When the drums of war start beating, can cooler heads prevail and negotiations in good faith start? Vijay Mehta has written a useful overview of efforts to create a Department of Peace within governments so that there would be an institutionalized official voice proposing other avenues than war. (1)
Such proposals are not new. In 1943, Alexander Wiley, a liberal Republican senator had proposed to President Franklin Roosevelt that he establish a cabinet-level post of Secretary of Peace as there was already a Secretary of War. The Secretary of War has now been renamed Secretary of Defense, but the function has not radically changed.
A Secretary of Peace in Wiley's vision would be charged with preempting conflicts before they exploded into violence and proposing peaceful resolutions. In the U.S.A. after the end of the Second World War, in a "never again" atmosphere, other members of Congress suggested the creation of such a Department of Peace. However, such a vision was never transformed into a reality.
As the Cold War took up ever more energy and funds, a compromise was reached in 1984 at the time that Ronald Reagan was President. The U.S. Institute of Peace was created and has produced some useful publications and does some conflict resolution training for diplomats and mediators. However, the leadership of the Institute of Peace has not played a visible role in foreign policy formation. One must look elsewhere for cooler voices to cover the beat of the war drums.
There is currently a test in real time as the situation in Venezuela grows more complex. There are real possibilities of armed violence, ranging from armed violence within the country to the creation of armed militias operating from Colombia and Brazil as the Contras had in the Nicaragua case, to an old-fashioned intervention by U.S. troops. All these "cards are on the table". There is no Secretary of Peace officially in the U.S. government (nor in that of Venezuela either) The influence of national security advisors to the U.S. President has grown, and they have the advantage of frequent personal contact.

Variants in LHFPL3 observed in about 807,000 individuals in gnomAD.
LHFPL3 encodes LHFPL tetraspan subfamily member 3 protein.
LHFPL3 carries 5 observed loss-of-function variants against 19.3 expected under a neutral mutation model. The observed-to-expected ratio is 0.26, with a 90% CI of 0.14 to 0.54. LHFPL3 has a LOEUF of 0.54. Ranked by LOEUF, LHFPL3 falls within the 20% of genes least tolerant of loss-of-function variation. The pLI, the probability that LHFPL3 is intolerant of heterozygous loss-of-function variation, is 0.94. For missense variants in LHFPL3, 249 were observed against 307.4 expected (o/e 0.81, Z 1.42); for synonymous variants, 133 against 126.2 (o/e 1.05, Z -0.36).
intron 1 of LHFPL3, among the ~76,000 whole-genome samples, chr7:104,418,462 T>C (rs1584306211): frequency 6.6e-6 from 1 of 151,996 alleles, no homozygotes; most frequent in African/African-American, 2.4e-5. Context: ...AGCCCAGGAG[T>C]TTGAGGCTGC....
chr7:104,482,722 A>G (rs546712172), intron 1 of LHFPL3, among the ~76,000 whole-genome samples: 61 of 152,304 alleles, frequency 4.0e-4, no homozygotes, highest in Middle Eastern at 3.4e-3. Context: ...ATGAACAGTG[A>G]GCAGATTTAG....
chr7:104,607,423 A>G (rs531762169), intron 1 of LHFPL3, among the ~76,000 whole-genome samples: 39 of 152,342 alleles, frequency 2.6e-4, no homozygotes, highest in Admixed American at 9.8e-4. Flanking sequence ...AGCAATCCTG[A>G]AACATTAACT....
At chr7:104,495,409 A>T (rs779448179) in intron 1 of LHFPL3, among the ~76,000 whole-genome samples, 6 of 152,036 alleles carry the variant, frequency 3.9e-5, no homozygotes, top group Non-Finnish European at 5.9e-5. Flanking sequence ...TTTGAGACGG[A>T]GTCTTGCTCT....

Latin America has often been considered as a U.S. "zone of influence". Unlike current situations in the Middle East which are of direct concern to European States, Latin America has never been a priority of European countries with the exception of Soviet-Cuban relations. Spain has a cultural and economic interest in Latin America but does not try to influence U.S. policy toward individual States. The current U.S. administration seems largely indifferent to the views of the United Nations. On the Venezuela crisis the U.N. Secretary-General has called for calm and restraint but has made no specific proposals.
In the U.S. there are a good number of "Think Tanks" devoted to policy making as well as university departments and programs with a geographic - area studies - orientation. As I am not a specialist on Latin America (most of my academic focus has been Africa and the Middle East) I do not know which have strong policy impact. I have seen relatively few public statements coming from academic Latin American specialists, though there is probably outreach to representatives in Congress.
Thus we must watch the policy-making process closely. Obviously my hope is that the cooler minds will win out and compromises made, such as holding new elections with international election monitors. This is a test in real time of Vijay Mahta's aim How Not to Go to War.
(1)Vijay Mehta. How Not to Go to War: Establishing Departments for Peace and Peace Centres Worldwide (Oxford: New Internationalist Publications, 2019)
Rene Wadlow, President, Association of World Citizens